I'm contacted all the time on twitter with people saying that the FIA should simply scrap the fuel flow limit they imposed of 100kg/h or raise it. But raise it to what? what is going to make a difference? My question however is 'Why should it be raised?' we are two races (writing this before the start of the 3rd race) into a new season with the largest set of regulation changes in the sports history. The technology being used is in its infancy and so therefore is the teams knowledge of how best to extract performance from it, this therefore suggests a knee jerk reaction from a crowd (Bernie, Montezemolo etc) that know little of how monumental Formula One's involvement in this technology is going to be.
An exchange of views between myself and Will Buxton on twitter today was the catalyst for this piece and so I'll try to take some of that exchange, along with comments from other twitter users and explain why the fuel flow limit is pivotal.
How fast do you want these things going in a straightline @willbuxton? They could rev out to 15k if they wanted now but no extra power
— Matt Somerfield (@SomersF1) April 6, 2014
The fuel flow limit was placed in the regulations for several reasons with the most important being the amount of power that could be generated by the ICE/Turbo if the flow of fuel was un-restricted. Imagine the fuel flow was un-restricted, as Will rightly pointed out in our conversation the regulations allow the ICE to rev to 15,000rpm but no-one is really revving much beyond 12,000rpm. This is because of the fuel flow restriction, going beyond 12,500rpm leads to a flat power curve as you have no fuel left with which to extract power (sat on the 100kg/h limit). So with no fuel flow restriction you could easily rev out to 15,000rpm but obviously by doing this you're ultimately inviting the teams the chance at more power and therefore an increase in top speed. We've already noted that they are more than capable of attaining a higher top speed with the new cars than they did with the last set (09-13), and that's whilst they're still recovering some of the downforce they have lost. Imagine if you will once they have recovered some of the downforce they have lost, the driver will pick up the throttle earlier and this speed could be increased further.
This is partly where the battle between the teams should commence over the next few seasons as they battle over aerodynamic efficiency. I say this because I'm sure it would be relatively easy for the teams to garner some additional downforce if they wanted it, it would just come in the form of 'dirty' downforce, ie downforce that is inefficient and come at the expense of drag. The reason they are looking to create more efficient cars is that the upshot will be better fuel economy and so you can see it's a Peter, robs Paul scenario.
The other problem with no fuel flow restriction in place is the speed disparity between cars on the circuit, as the drivers still only have 100kg's of fuel onboard with which to complete the race. Imagine if you will, one driver on a concession of hot laps, pushing the envelope in order to get into the best strategy window to overtake his rival(s) at the next pitstop. Meanwhile another driver trying to save fuel because they've either already done too many quick laps or are saving fuel for later in the race could be 5-10 seconds a lap slower than the hot lap driver. It would be easy to see plenty of situations where a similar incident that happened to Mark Webber in Valencia 2010 could occur.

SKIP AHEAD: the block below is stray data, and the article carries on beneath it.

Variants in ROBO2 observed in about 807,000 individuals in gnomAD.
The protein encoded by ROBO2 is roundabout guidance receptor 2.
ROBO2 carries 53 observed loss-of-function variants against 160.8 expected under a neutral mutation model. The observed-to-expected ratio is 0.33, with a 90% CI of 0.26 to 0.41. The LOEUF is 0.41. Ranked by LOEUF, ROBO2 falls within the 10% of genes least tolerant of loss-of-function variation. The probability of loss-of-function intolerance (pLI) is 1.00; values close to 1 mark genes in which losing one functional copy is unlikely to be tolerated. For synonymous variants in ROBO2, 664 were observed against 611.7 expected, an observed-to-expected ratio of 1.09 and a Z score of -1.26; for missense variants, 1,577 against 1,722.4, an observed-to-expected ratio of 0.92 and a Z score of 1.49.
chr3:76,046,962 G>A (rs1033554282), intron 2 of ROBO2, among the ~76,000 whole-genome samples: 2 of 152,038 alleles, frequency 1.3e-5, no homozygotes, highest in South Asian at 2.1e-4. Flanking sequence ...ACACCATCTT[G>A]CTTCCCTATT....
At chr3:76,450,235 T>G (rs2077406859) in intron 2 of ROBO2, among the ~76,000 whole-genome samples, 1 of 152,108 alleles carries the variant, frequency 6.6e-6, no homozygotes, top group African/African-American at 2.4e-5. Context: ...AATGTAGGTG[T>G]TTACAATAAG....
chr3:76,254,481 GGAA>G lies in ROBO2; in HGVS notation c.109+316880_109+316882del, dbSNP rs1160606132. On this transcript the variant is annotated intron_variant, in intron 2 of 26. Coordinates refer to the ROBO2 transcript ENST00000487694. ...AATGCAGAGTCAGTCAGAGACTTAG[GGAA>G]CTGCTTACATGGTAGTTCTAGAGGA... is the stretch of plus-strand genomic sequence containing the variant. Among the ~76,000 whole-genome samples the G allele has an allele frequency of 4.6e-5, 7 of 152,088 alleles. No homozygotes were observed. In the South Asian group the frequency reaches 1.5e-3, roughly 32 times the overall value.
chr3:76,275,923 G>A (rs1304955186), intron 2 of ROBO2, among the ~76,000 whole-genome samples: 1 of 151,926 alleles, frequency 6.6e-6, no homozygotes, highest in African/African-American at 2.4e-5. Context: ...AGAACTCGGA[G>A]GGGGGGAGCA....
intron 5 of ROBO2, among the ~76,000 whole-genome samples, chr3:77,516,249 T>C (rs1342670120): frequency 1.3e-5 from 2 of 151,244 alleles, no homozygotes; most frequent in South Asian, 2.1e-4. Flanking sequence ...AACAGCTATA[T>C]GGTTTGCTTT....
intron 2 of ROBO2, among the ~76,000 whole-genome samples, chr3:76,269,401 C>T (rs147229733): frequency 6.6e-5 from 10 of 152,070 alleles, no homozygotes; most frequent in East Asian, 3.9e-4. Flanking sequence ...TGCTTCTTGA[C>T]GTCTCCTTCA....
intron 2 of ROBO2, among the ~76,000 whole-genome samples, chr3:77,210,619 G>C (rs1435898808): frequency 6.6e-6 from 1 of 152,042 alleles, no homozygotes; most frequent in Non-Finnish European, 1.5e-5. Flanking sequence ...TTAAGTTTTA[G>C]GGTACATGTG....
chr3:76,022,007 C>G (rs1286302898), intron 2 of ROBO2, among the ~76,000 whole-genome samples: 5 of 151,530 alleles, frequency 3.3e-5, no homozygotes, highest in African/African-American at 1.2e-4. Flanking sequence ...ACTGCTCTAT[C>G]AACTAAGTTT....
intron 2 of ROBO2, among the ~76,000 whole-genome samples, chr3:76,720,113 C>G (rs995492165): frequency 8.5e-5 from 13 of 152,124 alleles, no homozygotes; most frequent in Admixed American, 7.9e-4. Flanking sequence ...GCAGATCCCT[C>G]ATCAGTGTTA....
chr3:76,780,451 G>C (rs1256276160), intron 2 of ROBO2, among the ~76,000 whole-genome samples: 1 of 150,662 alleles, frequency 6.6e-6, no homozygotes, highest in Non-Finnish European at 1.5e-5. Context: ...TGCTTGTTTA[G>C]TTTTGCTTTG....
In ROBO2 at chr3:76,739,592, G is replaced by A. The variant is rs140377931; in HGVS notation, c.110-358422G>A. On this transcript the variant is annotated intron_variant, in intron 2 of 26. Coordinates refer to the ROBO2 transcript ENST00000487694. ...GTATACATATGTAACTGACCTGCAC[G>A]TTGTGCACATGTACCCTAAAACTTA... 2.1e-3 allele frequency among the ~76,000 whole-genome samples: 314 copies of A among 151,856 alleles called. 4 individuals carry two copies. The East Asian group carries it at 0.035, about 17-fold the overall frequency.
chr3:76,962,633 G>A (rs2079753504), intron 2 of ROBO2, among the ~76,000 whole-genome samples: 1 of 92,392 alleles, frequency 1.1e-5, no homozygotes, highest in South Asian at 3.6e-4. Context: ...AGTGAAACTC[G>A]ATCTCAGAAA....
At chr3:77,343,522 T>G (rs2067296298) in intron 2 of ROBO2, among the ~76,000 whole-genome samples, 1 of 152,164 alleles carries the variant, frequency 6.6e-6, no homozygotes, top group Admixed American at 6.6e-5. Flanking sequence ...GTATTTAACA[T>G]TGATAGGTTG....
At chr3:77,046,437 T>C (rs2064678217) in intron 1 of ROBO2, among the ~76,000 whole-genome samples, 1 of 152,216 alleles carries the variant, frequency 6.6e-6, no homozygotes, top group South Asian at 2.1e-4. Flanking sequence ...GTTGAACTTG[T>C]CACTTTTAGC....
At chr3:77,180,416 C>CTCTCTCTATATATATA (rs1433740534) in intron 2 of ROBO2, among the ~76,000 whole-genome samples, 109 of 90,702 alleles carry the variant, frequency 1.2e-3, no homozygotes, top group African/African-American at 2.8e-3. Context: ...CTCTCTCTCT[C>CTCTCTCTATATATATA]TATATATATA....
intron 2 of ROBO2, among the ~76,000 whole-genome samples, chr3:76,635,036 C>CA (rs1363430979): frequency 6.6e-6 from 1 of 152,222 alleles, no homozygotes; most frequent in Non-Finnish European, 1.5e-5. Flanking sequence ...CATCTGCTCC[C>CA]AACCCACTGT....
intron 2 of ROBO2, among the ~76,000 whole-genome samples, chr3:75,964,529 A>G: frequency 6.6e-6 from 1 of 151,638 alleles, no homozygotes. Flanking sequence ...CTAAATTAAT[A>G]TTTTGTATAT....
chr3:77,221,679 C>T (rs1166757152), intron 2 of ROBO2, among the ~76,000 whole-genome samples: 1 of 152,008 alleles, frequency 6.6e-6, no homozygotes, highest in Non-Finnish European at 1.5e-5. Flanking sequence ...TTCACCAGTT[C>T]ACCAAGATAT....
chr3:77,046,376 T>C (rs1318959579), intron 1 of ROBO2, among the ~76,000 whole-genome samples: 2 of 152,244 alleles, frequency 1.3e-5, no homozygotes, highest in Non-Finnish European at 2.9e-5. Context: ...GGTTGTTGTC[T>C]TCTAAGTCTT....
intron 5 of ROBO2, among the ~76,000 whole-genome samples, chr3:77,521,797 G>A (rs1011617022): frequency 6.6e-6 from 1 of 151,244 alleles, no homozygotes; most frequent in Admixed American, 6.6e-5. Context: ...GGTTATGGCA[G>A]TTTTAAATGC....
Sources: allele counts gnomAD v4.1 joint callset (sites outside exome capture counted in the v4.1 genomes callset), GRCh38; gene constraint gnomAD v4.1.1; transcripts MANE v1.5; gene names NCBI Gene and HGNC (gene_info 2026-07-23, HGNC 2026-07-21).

We were of course discussing the issue of the fuel flow restriction as it's the most current argument in F1 and is really a veil for the political characters in F1 to drive change that would see a narrowing of the field. Bernie, Di Montezemolo, Horner, Remi Taffin (Renault) and many others have already alluded to the fact that in order to increase the noise made by the powerunits it would require more revs. To do this the fuel flow restriction must be modified or removed, however what this really masks is their intention to hand Ferrari and Renault powered teams a lifeline. Mercedes have no doubt made a better fist of every corner of their powerunit when compared to Ferrari and Renault (rather than suggesting it's as simple as the split turbo concept like SkyF1 did this weekend). However where they're far superior is the way in which the MGU's work alongside the ICE to supplement power supply. If the fuel flow restriction was modified this advantage would be lost as the preference to utilse the ERS would be lessened. I will look at the differences between the 3 powerunit suppliers next week but for the time being I would suggest that Mercedes have done an excellent job in understanding that the key flaw in EV technology (the batteries) can be mitigated with the transfer of energy between the two MGU's.
I explain this in my latest video (see the sidebar) but the largest challenge that faces electric vehicle technology is the storage of energy (a flaw that is plain to see in the FIA's Formula E, but this is best saved for another blog post). The reason is efficiency, with around 20% of the energy harvested, lost in the transfer from AC to DC to be stored in the ES with the loss coming at the expense of heat. However if you are able to transfer the energy directly from either MGU to power the other the loss is minimal and has more to do with voltage fluctuations. This in my opinion is where Mercedes have bested their rivals and is clear to see with how balanced the cars running Mercedes power seem when compared to the rest. (I have more on this topic but feel it better covered with the piece later in the week)